Thursday, November 5, 2009

Ant integration with application servers is too hard

I spend way too much of my time at work wrestling with Ant scripts that try to integrate with application servers.

Some application servers do a better job of this than others, but overall the current state of the art in this area is still as described in the Ant manual:

<wlrun ... >
<sleep seconds="30"/>
<junit fork="true" forkmode="once" ... >

This example represents a typical pattern for testing a server application. In one thread the server is started (the <wlrun> task). The other thread consists of a three tasks which are performed in sequence. The <sleep> task is used to give the server time to come up. Another task which is capable of validating that the server is available could be used in place of the <sleep> task. The <junit> test harness then runs, again in its own JVM. Once the tests are complete, the server is stopped (using <wlstop> in this example), allowing both threads to complete. The <parallel> task will also complete at this time and the build will then continue.

Let's stop for a bit and critique this approach:

  • First, we have the complexity of the <parallel> and <sequential> tasks, which are complicated and intricate. As the Ant manual itself says,

    Anyone trying to run large Ant task sequences in parallel ... is implicitly taking on the task of identifying and fixing all concurrency bugs [in] the tasks that they run. ... Accordingly, while this task has uses, it should be considered an advanced task ...

  • Secondly, consider the ugly <sleep> call: why did we have to sleep? How long do we need to sleep? What happens if we sleep for too long, or for not long enough? As the Ant manual notes, there are sometimes ways around this, but they require assistance from the application server.

  • Lastly, what happens when something fails? How do you ensure that, having started the application server, you can reliably shut it down? What happens if you try to shut it down, but it never actually started up? And so forth.

Furthermore, there are many other interactions that one needs to have with an application server beyond just starting and stopping it:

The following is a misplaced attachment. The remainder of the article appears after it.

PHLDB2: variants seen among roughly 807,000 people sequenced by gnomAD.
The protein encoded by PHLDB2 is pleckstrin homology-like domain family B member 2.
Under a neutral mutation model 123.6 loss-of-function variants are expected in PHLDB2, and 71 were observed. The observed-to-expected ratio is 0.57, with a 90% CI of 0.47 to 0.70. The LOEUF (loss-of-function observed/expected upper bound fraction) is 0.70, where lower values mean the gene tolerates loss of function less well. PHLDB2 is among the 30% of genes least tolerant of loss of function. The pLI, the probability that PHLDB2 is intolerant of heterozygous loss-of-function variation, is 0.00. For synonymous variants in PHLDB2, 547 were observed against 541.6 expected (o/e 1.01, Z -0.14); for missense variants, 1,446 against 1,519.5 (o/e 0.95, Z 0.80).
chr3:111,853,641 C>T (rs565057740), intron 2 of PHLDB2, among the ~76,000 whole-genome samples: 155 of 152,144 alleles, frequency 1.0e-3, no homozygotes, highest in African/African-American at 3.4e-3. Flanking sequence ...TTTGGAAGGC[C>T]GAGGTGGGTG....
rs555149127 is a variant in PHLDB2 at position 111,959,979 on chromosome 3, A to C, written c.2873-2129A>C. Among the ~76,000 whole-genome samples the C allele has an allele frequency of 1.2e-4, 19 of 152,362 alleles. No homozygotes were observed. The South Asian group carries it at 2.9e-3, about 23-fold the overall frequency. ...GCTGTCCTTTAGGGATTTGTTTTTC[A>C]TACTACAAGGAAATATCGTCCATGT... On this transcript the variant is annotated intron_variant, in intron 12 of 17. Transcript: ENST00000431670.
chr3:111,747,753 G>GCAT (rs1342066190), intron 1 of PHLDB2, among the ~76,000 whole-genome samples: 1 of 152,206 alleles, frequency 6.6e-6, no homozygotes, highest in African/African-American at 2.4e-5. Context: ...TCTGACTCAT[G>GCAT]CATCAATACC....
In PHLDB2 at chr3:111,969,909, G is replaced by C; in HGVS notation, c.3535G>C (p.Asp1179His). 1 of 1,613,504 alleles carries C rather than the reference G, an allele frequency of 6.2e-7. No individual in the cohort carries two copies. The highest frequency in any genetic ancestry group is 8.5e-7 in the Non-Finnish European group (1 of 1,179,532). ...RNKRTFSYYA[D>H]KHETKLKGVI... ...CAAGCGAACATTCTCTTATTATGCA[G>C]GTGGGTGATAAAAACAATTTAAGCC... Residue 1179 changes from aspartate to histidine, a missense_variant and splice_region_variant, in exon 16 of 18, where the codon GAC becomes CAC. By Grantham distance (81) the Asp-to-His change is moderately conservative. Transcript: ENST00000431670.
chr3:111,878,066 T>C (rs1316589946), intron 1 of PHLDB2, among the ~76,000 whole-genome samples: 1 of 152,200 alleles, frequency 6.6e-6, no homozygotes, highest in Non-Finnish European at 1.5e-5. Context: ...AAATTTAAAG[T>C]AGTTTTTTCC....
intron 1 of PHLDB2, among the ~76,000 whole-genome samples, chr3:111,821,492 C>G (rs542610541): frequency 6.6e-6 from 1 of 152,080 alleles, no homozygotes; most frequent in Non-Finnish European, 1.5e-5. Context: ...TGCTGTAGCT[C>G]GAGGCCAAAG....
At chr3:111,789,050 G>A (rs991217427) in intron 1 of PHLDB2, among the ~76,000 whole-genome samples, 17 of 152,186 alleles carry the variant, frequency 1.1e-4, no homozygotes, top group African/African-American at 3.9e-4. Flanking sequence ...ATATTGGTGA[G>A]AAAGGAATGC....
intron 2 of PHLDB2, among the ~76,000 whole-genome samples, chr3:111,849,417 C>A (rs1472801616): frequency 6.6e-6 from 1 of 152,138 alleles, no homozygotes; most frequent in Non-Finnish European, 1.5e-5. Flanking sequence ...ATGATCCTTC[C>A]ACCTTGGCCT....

• What's the status of this application server? Is it up or down?

  • Deploy or undeploy an application to the server. Query the current version of a deployed application; re-deploy a different version of an application, either with or without stopping and re-starting the application and/or the server

  • Find out if the server has encountered any errors; capture the diagnostic error logs from the server.

  • Adjust the configuration of the server: give it different resources, change its operating parameters, etc.

  • Install or un-install an application server from scratch.

And many more.

All of these tasks are routine jobs that I'd like to be able to reliably automate, and over the years (decades!!) I have made some progress in doing so.

But still, all those hours spent in trying to write and maintain reliable Ant automation scripts for application server integration.

Is there a better way?


  1. the seqential/parallel stuff is only needed since wlrun never returns.

    You can replace the sleep with a waitfor if there is some condition that you could check (like some URL becoming available for the http condition).

    Steve Loughran has started to write a task for functional testing which is in Ant's svn trunk (nder taskdefs/optional/testing) which takes care of all the orchestration stuff. AFAIU it isn't ready for public consumption, yet.

  2. Yes, the <funtest> task in SVN_HEAD does
    -the parallel app server start
    -a wait for a condition to be met
    -the junit tests
    -a teardown/finally clause to kill the app server

    Inside the task all that parallel/sequential stuff is set up for you. Furthermore the exceptions in the junit tests get retained and priority over anything in teardown

    I added this test as a rewrite of the SmartFrog <functionaltest> task, needs help on tests and documentation. Please come and help.

  3. Bryan: You should take a look at the Nolio Automation Center ( This solution is exactly what you're looking for and have answers to all your raised issues.